The body of the young damsel had disappeared along with the remains of her pitiful hoard of jewelry. Brutal robbery was suspected at first. There was neither sign of her once living form nor any trace of her jewels uncovered, despite the untiring efforts of his majesty’s watch.

According to legend, the murder victim was a pretty, yet coarse young lady, the last acquisition of Lord Carringdale. He had adored her for the ample warmth of her soft body; in return for her love, she was given a few tokens in the form of precious trinkets.

Words of lore spun in tales and song told that the hand of a thief did not inflict the murder of the young lady; it was that of Lord Carringdale himself. The verses of the legend told of his damnable bad luck at cards and of his mounting losses. The gambling debt was presented and the Lord faced ruination.

That fateful night was one of drunken debauchery mixed with loud argumentative and threatening demands for jewels to cover debt. A negative reply on part of the terrified damsel led to damnation. The crazed Lord Carringdale screamed at her to take her blasted precious baubles to the devil. Madness engulfed him through fury mixed with drink and he hit the poor creature with the power of his clenched fists, Blow after blow was rained murderously on the trollop’s body until the flow of blood covered the dark bluish marks on her skin.

Lord Carringdale laughed at the beaten figure as he swallowed bitter dregs of drink, “There, my pretty little thing, now you can have your lovely trinkets.” Then with an unsteady hand, he decked the remains with the guarded jewels. He laughed drunkenly, “My, my are you handsome! His laughter increased as it roared through the love nest.

”Now, my lovely, time for beddie-bye” he slurred. “Not here, my dearie, not here!” He wrapped her bloodied body in a small rug unaware of a slight movement. He hoisted the horrific burden on his shoulder, and on tipsy feet carried it from the room of pleasure. He made his way drunkenly down the circular staircase, lifting his head in madding laughter and hoarse shouts. Lord Carringdale skirted the lower floor and headed for the pantry.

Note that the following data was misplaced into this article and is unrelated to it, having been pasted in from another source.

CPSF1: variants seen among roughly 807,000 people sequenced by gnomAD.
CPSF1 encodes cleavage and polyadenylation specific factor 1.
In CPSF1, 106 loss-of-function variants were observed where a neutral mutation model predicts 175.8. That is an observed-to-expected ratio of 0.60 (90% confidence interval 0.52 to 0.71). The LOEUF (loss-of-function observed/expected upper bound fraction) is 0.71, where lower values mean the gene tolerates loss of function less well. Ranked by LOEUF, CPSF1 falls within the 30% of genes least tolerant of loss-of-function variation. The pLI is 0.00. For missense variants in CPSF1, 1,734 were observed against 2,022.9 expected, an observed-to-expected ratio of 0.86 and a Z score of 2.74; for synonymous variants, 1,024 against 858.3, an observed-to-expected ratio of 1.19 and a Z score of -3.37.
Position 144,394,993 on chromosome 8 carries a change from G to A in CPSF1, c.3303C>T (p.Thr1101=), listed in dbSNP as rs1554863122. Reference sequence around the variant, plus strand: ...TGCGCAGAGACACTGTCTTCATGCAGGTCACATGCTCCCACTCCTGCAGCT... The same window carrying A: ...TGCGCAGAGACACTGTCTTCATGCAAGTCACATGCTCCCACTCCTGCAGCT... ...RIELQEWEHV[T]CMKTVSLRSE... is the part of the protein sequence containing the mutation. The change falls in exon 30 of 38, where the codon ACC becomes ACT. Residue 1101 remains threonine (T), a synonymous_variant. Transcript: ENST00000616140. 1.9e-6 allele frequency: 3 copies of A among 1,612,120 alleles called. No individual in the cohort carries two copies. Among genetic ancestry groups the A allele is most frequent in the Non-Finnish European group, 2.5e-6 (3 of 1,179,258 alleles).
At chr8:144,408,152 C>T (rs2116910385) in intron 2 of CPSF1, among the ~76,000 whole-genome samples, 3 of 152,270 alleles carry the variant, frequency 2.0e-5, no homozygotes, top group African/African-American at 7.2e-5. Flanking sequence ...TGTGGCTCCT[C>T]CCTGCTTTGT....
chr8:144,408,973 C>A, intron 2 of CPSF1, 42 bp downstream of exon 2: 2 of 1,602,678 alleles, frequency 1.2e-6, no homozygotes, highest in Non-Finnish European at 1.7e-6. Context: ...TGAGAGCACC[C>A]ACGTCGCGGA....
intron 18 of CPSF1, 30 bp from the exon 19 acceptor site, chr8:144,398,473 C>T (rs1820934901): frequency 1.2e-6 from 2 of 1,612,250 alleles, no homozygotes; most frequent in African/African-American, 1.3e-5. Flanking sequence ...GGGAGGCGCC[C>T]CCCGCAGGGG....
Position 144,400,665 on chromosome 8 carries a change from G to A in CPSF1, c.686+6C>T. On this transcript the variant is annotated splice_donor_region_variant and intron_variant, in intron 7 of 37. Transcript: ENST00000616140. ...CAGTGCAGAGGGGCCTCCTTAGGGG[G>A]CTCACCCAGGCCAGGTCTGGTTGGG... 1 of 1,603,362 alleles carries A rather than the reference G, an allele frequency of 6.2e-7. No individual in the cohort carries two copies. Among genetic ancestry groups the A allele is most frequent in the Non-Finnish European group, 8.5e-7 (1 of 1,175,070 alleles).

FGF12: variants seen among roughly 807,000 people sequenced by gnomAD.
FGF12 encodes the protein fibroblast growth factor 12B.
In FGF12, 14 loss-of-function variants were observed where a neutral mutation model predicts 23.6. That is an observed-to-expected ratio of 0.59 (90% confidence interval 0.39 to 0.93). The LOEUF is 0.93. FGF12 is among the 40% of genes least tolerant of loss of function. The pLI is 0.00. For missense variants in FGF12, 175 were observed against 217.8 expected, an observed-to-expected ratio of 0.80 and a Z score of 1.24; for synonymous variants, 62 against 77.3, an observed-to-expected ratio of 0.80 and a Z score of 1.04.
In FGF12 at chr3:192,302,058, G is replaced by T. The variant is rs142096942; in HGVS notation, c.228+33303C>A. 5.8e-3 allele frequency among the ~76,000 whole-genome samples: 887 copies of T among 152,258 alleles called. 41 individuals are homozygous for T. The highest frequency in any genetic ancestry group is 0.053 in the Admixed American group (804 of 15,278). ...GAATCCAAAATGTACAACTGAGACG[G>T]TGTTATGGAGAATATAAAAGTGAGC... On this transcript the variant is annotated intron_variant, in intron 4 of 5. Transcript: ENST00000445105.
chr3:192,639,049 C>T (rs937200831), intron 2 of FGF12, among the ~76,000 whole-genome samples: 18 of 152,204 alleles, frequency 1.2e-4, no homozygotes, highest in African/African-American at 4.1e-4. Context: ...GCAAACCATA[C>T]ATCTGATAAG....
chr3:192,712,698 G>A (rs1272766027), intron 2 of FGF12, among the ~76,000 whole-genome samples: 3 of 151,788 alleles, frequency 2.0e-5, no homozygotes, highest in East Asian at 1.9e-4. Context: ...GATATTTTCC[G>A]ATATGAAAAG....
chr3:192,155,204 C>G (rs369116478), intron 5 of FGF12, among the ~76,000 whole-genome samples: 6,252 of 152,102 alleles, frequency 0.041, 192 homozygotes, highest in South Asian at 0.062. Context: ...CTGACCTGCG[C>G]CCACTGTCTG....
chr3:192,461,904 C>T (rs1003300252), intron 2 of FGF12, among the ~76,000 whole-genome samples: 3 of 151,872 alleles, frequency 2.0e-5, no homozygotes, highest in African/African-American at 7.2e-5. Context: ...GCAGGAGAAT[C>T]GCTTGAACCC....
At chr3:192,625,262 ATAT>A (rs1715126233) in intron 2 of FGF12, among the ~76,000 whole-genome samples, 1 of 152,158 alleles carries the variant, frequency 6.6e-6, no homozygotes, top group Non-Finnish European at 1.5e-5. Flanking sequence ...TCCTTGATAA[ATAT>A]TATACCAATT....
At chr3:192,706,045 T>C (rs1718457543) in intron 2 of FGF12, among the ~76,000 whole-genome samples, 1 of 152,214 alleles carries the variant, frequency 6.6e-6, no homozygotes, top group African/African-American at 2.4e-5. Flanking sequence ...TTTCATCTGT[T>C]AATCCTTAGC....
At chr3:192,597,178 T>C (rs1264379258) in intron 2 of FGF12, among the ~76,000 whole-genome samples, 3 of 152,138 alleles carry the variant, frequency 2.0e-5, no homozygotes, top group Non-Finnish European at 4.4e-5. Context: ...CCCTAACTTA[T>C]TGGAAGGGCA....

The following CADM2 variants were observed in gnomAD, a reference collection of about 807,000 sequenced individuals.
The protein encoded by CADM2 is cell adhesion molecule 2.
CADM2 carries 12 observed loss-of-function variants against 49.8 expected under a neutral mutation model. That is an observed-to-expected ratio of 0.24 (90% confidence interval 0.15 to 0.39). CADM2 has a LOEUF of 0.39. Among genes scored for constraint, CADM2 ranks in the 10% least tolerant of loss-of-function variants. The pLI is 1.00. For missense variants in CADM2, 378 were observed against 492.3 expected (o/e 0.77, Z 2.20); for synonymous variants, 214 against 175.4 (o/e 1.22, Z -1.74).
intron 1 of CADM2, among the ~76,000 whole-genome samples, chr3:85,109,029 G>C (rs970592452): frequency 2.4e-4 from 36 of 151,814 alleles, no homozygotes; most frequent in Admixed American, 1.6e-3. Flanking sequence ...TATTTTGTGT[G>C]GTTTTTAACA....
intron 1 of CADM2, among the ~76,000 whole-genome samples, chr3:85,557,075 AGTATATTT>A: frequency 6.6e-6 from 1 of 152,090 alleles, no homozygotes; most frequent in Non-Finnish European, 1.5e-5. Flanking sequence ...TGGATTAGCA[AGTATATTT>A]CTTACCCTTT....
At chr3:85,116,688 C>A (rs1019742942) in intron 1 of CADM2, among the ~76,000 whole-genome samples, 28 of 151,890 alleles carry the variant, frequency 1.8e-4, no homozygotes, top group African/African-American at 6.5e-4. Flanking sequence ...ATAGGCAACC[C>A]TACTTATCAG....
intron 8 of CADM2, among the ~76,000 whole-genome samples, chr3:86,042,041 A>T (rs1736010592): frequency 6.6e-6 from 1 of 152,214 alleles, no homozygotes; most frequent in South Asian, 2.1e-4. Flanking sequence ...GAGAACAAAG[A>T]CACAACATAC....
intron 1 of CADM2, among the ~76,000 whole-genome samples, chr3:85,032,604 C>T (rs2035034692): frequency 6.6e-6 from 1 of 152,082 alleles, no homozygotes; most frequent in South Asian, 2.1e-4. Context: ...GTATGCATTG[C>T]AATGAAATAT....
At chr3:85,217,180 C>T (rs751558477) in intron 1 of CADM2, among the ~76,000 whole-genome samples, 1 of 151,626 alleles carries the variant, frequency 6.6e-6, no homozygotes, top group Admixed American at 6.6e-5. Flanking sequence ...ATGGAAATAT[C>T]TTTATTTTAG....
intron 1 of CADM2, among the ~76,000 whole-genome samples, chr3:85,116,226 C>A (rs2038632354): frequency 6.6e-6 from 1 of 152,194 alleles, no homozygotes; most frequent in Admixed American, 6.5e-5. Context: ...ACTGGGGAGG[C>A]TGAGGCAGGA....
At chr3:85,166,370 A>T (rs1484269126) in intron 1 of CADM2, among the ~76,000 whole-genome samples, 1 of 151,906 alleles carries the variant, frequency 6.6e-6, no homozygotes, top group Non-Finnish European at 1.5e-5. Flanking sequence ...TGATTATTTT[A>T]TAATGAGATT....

There he dumped the bundled remains on the hard floor. With drunken strength he slid open the heavy stone covering of the drainage pit. “Sleep tight little one! he called out as he pushed his guilt into the foul grave. He fell on the recovered stone and laughingly called out, “Sleep tight, sleep tight. After a moment or two he lifted his depraved body from the stone floor and stared once towards the pit; then he staggered from the pantry with caustic oaths to his lips.

But her spirit rose from the foul grave and haunted him the following days, driving him to a fit of madness. The spectre appeared in all forms in the imagination of his guilt. His imagination increased to hearing her voice in the cry of murder and retribution. His tormented sleep turned into nightmares of horrendous proportions, which pictured within his guilty mind the sight of his victim covered in blood and gore and surrounded in the glimmer of precious stones.

Within time Lord Carringdale ran about the manor in a fit of madness screaming and ranting. “Drive her away!” he called out loudly again and again as his eyes saw the ghostly figure. Louder and louder he yelled until that day when those who passed by the manor heard his screaming voice and the watch was called; physical harm to the Lord was suspected. They forced their way into the manor and saw the horror of lunacy before their sight; the king’s men had to use strong measures in order to secure the royal person. Then they brought him into custody struggling in the strength of his body, and screaming in the madness of his voice.

At the crown court the noble lord was rendered crazed after the foul deed, unable to give evidence. Thus the judiciary, after hearing testimony from the king’s men at arms, ruled that the onus of the charged debt was the cause of the murderous act.

The spoken narration continued. The ghostly apparition of the young woman was always sighted on the night of the full moon driving later occupants to distraction with its luminous sight and moaning cries. A history in the later years told of haunting terror that drove to madness those who tried to live within the manor’s walls. One tenant was turned into a raving maniac. Another was found hanging from one of the crystal chandeliers. A husband and his wife, along with their two daughters were driven half naked and in terror through the poplars into the unknown.

The taped related the tale of trembling fear of those who neared The Elysian Lodge and its neglected grounds, ending the weird tale.